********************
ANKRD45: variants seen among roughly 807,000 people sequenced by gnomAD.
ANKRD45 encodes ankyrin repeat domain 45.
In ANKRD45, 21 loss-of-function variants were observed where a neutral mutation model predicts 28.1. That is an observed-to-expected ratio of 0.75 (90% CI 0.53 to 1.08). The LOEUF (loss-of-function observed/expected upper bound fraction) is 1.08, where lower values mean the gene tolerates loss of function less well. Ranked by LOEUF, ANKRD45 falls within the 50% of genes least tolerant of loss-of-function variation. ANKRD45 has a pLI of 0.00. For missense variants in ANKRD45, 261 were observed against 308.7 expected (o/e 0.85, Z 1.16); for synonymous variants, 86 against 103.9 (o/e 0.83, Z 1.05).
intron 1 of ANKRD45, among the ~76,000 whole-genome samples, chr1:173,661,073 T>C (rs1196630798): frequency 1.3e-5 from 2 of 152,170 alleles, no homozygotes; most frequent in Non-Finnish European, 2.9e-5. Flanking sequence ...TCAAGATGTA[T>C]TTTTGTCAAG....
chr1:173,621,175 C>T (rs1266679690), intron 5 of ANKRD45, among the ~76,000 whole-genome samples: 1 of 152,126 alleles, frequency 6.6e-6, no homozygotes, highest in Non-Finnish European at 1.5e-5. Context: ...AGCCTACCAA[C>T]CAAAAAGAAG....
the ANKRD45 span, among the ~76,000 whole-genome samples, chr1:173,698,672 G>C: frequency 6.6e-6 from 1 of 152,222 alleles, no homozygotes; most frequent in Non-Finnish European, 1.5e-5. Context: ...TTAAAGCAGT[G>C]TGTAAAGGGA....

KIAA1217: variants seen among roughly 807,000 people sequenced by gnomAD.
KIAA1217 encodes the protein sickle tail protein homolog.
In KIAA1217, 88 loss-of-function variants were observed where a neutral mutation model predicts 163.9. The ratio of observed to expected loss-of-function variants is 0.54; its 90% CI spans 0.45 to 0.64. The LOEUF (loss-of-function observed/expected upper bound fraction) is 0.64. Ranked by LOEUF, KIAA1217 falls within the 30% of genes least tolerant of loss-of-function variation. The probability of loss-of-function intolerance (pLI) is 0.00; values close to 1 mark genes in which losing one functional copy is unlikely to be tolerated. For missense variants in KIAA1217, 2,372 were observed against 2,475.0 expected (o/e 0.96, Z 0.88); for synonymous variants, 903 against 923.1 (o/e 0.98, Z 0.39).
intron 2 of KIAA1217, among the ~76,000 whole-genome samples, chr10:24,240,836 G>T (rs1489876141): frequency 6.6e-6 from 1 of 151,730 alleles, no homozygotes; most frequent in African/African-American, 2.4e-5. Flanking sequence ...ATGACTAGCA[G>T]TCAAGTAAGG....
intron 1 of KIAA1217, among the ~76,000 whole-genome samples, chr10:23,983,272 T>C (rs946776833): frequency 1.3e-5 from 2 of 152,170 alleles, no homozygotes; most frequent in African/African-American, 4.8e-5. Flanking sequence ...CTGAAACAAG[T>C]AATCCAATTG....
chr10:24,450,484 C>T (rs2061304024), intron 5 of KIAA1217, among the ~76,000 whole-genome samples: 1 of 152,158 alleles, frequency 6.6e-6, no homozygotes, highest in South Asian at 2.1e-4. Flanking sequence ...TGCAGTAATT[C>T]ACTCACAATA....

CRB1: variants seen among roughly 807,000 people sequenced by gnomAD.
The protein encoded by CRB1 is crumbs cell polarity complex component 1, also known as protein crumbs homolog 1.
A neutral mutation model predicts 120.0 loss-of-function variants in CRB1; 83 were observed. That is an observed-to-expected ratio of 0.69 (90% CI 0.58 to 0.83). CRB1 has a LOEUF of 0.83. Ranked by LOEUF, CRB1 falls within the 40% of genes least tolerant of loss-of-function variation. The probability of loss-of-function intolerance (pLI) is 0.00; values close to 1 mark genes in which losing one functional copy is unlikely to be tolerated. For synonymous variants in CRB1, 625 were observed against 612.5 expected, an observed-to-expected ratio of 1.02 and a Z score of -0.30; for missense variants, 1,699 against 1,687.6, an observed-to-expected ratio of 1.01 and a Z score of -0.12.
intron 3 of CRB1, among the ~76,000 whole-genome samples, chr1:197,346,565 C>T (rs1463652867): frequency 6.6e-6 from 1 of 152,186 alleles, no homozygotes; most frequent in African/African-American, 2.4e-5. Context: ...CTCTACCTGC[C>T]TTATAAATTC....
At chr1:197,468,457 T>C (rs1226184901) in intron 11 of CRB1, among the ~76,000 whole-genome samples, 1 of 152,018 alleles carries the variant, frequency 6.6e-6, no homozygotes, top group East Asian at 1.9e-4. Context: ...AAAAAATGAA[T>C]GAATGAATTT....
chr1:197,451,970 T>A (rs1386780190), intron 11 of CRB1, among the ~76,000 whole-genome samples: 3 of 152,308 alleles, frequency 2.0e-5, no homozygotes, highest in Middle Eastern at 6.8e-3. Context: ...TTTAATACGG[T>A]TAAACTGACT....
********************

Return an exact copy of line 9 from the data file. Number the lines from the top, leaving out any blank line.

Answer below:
In KIAA1217, 88 loss-of-function variants were observed where a neutral mutation model predicts 163.9. The ratio of observed to expected loss-of-function variants is 0.54; its 90% CI spans 0.45 to 0.64. The LOEUF (loss-of-function observed/expected upper bound fraction) is 0.64. Ranked by LOEUF, KIAA1217 falls within the 30% of genes least tolerant of loss-of-function variation. The probability of loss-of-function intolerance (pLI) is 0.00; values close to 1 mark genes in which losing one functional copy is unlikely to be tolerated. For missense variants in KIAA1217, 2,372 were observed against 2,475.0 expected (o/e 0.96, Z 0.88); for synonymous variants, 903 against 923.1 (o/e 0.98, Z 0.39).